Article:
The Rockets already play smaller than most teams. On Thursday night against the Pacers, they went even smaller. Here’s how it went.
The Houston Rockets played a substantial amount of last night’s 110-100 loss to the Indiana Pacers on Thursday night without a true big man on the floor, and the result was promising as well as entertaining.
With about eight minutes left in the third quarter, Mike D’antoni subbed out center Marquese Chriss with the Rockets down 71-57, leaving a lineup with players all 6’8” and shorter with Carmelo Anthony playing the five-spot.
Part of the reason for this was that both Clint Capela and Nene Hilario were out for the game, leaving the center position slim for the Rockets. But it was also because D’antoni was probably just as curious as the rest of us to see how it would go. And since it’s the preseason, why not?
Over the next six minutes, Houston went on a 21-2 run to take a 78-73 lead, holding the Pacers without a single field goal over that span.
With the super small ball lineup on the floor, the Rockets were able to play all five players on the perimeter, leaving Myles Turner scrambling to keep up and opening up driving and cutting lanes. The stretch included threes from Carmelo, James Harden, and Eric Gordon (2), a beautiful pocket pass from Harden to Melo for an easy layup, and Harden dropping a dime to Michael Carter-Williams for a fast break slam.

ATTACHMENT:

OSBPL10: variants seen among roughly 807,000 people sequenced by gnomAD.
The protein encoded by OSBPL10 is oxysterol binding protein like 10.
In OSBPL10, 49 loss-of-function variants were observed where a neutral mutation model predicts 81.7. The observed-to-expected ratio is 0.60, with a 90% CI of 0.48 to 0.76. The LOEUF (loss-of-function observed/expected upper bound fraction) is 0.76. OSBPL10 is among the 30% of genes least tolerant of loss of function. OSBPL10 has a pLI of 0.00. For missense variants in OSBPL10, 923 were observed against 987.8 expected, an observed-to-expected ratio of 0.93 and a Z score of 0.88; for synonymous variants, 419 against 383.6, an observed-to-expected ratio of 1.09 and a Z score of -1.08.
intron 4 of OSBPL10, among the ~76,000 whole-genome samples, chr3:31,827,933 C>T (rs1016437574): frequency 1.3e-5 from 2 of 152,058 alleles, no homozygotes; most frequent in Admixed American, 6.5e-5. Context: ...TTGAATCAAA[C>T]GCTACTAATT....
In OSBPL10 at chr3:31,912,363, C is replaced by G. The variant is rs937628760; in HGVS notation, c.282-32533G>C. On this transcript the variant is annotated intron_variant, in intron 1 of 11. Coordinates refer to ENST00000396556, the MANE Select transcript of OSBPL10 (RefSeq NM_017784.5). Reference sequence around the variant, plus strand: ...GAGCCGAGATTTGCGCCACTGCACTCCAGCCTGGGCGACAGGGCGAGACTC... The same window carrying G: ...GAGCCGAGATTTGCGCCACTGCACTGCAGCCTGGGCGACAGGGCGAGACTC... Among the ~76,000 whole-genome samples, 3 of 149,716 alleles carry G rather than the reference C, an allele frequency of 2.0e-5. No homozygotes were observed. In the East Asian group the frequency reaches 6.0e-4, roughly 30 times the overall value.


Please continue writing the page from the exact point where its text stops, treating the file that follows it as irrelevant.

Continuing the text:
On the defensive end, things couldn’t have gone much better. Indiana predictably tried to post up 6’11” Myles Turner on Anthony, as well as Houston’s other shorter defenders, but to no avail. The Rockets’ swarming defense and numerous deflections led to missed jumper after missed jumper. Over the six minutes, the Pacers were 0-13 from the floor.
Carmelo addressed the media postgame about how he felt playing the center position:
“That’s the beauty of it, to go out there and not just be doing one thing and be one-dimensional. The way that we play, you have to be multi-dimensional, you have to play multiple positions.”
The Rockets cooled off after the dominant stretch and ended up falling to the Pacers, but they proved a few things in the small ball experiment. First, that they can score in bunches and get high-quality shots without a legitimate lob threat on the floor, and second, that they defend well even when the opposing team has a skilled post player on the floor.
Don’t expect the Rockets to go to this lineup much in the regular season, especially when Capela and Nene get healthy and Chriss learns how to play effectively with Harden and Paul. But if the squad can run five guards and wings out there for a few minutes a game and get productive minutes, all the better.